general statements can be made.

I should not leave you with the impression that this is all there is
to binary morphology. There are many other image operations, such as
thinning (with or without preservation of connectivity), that can be
formed by sequences of basic operations. There are also many nonlinear
transforms from binary to grayscale images, such as a simple distance
transform that labels the minimum distance from each pixel to a pixel
of opposite color. A more complicated nonlinear function labels
*connected components* (a set of pixels of the same color for which
each pixel in the set is adjacent, in either a 4- or 8-connected
orientation, to another pixel in the set) by computing a measure of
their “length” as the maximum, over all pairs of pixels in the set, of
the minimum distance between the two pixels, taken over all paths
between them that stay entirely within the set of pixels that
constitute the connected component. Further, all the binary
morphological operations can be generalized to grayscale, where the
dilation is a *Max* operation and erosion is a *Min* operation. (Do
you see how the binary dilation and erosion are a special case of
taking the *Max* and *Min* operation? With a binary image, the max
value is 1 and the min value is 0. An erosion places a value of 0 at
the *Sel* origin unless all the pixels under the *Sel* are 1.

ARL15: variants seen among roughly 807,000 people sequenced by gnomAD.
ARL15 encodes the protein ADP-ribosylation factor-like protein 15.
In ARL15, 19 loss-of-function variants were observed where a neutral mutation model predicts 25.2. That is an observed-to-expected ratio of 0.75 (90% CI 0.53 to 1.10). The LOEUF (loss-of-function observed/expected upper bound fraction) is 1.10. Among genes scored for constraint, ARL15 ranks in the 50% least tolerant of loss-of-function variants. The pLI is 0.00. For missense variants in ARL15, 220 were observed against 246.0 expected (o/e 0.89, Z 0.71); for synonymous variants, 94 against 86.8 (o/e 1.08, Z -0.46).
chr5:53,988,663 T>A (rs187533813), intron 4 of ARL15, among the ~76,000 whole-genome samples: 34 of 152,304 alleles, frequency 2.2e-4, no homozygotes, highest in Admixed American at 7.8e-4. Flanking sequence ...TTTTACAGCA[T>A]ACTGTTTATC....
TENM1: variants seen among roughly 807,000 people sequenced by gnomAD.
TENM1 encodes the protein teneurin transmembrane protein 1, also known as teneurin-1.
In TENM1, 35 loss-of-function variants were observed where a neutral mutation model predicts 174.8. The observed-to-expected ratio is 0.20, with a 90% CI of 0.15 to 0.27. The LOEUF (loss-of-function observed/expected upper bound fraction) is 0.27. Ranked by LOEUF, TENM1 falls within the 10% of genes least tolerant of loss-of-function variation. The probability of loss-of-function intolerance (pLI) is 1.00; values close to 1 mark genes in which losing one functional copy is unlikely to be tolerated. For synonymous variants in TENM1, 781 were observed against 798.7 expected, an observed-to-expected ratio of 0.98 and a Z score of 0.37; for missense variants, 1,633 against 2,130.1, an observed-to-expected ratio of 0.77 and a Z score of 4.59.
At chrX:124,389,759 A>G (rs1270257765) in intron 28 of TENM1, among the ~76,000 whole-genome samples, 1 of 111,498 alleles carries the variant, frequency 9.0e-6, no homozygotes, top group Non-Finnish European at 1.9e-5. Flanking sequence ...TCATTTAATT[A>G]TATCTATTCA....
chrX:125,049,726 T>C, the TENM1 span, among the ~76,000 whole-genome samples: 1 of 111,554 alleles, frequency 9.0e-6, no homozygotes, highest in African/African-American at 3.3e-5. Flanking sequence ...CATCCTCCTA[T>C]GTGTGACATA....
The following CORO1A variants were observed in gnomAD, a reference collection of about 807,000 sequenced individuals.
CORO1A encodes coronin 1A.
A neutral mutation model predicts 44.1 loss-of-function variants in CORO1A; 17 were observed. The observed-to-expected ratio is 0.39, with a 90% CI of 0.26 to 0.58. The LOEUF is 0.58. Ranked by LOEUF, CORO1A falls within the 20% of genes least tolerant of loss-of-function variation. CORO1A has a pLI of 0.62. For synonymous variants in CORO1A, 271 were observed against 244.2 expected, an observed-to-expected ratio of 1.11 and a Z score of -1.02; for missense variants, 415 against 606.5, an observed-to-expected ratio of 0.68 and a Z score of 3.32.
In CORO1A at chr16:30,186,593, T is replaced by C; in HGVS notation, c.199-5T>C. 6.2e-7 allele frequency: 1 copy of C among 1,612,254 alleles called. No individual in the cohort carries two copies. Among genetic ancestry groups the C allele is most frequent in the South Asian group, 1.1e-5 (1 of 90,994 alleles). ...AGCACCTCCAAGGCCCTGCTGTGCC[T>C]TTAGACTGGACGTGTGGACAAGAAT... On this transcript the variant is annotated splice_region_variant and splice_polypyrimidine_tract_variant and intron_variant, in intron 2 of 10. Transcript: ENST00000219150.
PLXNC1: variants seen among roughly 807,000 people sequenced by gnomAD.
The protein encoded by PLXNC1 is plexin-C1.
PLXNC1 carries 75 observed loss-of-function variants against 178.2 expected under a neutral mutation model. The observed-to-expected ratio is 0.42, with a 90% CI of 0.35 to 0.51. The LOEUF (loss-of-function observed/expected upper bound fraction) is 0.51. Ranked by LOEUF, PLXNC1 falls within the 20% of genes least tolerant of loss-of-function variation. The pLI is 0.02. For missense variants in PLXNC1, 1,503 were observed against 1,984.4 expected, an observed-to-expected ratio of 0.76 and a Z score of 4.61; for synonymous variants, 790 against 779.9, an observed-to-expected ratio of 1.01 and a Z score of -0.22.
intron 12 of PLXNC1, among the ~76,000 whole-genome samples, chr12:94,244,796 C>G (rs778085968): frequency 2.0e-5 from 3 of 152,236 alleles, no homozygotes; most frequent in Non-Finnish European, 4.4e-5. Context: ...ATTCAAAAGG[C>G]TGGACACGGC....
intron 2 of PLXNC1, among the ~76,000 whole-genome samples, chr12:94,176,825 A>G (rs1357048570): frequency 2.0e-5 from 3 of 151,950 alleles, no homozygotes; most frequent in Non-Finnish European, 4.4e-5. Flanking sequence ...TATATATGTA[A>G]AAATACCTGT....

Therefore, *the erosion selects the minimum of the binary pixel
values*.) And once you go to grayscale, the number of interesting
nonlinear operations explodes. For example, much work has been done on
image segmentation, typically using seeds and region growing. See the
literature for details.

Why have an entire section on boundary conditions? Why not simply
adopt a mathematically elegant definition, and use it. For natural
images, where there is no *a priori* bias toward any particular
grayscale value for pixels beyond the image proper, this is a
perfectly reasonable approach. For document images, however, this can
give unexpected results.

What is the mathematically elegant definition? It is the one that
treats erosion and dilation as duals, even in the presence of
boundaries. We will call it the *symmetric boundary condition* (SBC):
extend an image by the min value (0 for binary images) for dilation
and by the max value (1 for binary images) for erosion. This gives